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Students negotiate the rules of war

25 February 2010

Students at Justice and fairness event© InfoOn 23 February, 92 secondary students from across the UK left school and their everyday personalities behind for the day to take a trip to the war-torn fictional world of Paxium.

The 15- and 16-year-olds role-played as members of General Granesta’s rebel side and President Solon’s government to negotiate the rules of a civil war. They explored current issues including treatment of prisoners and civilians, landmines, and child soldiers.

The role-play activity and the event were organised by the British Red Cross and law firm Allen & Overy as part of a day-long Justice and Fairness symposium. It was adapted from a template used by the Canadian Red Cross.

A successful day

Giles Wallis, head of personal, social, health and economic education at Walford Grammar for Boys, said: “It’s a great activity and the students responded really well. It touches on so many things – international humanitarian law (IHL), resolution of conflict, justice and fairness – and there are underlying themes of personal development too like team building and conflict of interest."

The students gathered at the law firm’s offices in London and were split into groups of about 20. Each group started working as one united Paxium – and were then divided in two when a civil war was announced by ‘live’ broadcast.

Difficult decisions

Each participant was given a specific role – including medical officer, weapons manufacturer, and president of the women’s alliance – and together each side had to negotiate the rules of war.

Students at Justice and Fairness event© InfoThroughout the negotiations, bulletins and communiqués ‘arrived’ from the field, which further shaped and complicated the situation. The activity concluded with a discussion about how the situations that played out in Paxium relate to the real world and IHL.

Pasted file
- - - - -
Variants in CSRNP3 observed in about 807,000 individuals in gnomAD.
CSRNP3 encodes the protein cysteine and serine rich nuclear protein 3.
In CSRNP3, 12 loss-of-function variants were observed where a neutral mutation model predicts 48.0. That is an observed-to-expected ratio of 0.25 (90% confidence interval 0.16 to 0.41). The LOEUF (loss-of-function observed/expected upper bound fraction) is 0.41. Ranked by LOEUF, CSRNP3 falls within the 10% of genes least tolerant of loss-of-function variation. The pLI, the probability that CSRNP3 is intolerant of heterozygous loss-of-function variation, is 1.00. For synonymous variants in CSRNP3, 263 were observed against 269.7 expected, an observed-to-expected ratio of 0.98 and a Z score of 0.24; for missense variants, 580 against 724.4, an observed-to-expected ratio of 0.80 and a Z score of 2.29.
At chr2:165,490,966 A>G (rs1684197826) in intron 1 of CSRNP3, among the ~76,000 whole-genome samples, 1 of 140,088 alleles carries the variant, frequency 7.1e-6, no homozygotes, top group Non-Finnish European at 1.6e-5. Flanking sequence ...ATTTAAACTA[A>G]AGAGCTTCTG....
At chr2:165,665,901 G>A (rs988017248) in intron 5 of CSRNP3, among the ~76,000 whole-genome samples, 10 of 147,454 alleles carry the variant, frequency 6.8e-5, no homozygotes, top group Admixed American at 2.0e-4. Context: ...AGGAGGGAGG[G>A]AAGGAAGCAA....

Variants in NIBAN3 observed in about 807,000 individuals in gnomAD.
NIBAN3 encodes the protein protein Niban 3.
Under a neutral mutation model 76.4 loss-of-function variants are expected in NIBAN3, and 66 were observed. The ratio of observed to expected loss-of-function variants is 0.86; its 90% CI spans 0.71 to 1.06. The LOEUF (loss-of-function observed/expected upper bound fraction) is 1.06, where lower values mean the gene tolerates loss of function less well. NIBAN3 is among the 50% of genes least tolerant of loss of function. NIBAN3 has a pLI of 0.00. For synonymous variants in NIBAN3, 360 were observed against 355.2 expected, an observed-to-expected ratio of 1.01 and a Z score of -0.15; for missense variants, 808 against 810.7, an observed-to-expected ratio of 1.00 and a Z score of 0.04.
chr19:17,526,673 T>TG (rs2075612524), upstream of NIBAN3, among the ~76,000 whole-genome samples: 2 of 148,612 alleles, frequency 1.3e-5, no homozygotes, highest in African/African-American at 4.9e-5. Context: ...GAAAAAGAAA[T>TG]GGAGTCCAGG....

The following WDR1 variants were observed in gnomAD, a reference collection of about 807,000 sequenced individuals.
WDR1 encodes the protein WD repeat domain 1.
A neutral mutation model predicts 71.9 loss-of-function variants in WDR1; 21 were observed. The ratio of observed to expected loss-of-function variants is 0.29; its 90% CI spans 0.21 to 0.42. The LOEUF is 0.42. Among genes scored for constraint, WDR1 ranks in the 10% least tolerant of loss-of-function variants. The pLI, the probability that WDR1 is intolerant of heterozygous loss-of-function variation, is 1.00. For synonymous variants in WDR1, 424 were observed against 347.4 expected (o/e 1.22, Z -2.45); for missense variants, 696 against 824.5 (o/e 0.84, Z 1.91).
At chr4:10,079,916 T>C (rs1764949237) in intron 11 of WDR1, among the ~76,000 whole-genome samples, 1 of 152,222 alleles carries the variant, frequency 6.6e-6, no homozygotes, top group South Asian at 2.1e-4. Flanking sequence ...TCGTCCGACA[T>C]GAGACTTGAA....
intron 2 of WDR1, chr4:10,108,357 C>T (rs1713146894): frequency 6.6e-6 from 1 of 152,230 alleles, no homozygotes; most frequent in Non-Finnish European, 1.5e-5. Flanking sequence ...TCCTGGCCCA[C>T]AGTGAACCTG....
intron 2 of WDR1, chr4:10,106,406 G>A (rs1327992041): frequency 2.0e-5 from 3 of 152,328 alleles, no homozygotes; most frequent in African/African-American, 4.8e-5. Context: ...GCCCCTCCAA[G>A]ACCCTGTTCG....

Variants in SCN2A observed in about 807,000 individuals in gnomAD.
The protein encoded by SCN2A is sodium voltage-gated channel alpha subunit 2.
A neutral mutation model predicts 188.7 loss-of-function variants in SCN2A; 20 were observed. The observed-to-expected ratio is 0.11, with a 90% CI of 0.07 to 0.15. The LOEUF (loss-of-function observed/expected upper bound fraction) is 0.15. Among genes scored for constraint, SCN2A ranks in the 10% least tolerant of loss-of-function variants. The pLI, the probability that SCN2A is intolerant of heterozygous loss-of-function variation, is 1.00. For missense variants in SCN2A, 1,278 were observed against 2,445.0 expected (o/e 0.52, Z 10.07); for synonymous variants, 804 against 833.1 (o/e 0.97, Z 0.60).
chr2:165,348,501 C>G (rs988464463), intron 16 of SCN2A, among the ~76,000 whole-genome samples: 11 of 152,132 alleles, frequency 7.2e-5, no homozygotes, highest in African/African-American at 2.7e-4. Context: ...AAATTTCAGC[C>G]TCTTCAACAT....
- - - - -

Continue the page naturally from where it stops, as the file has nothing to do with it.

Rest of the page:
Gillian Ross, a student at Bannerman High School, Glasgow, said: “It was a great learning experience. I think this kind of thing should be taught more often. It’s real life. It makes people think and shows that things aren’t simple.”

International partnership

The symposium was one element of the long-term partnership between Allen & Overy and the International Federation of Red Cross and Red Crescent Societies (IFRC).

Earlier this year, the partnership launched a new education resource to be used by teachers delivering the IHL aspects of the citizenship curriculum.

The resource, developed by a team of lawyers from Allen & Overy, and education specialists from the British Red Cross, includes a series of interactive lesson plans designed to stimulate debate on IHL and wider topics around justice and fairness.

The inclusion of IHL in the revised citizenship curriculum is the result of three years of advocacy work by the British Red Cross.

Download the education resource and find out more about all aspects of the Justice and Fairness partnership between the Red Cross and Allen & Overy.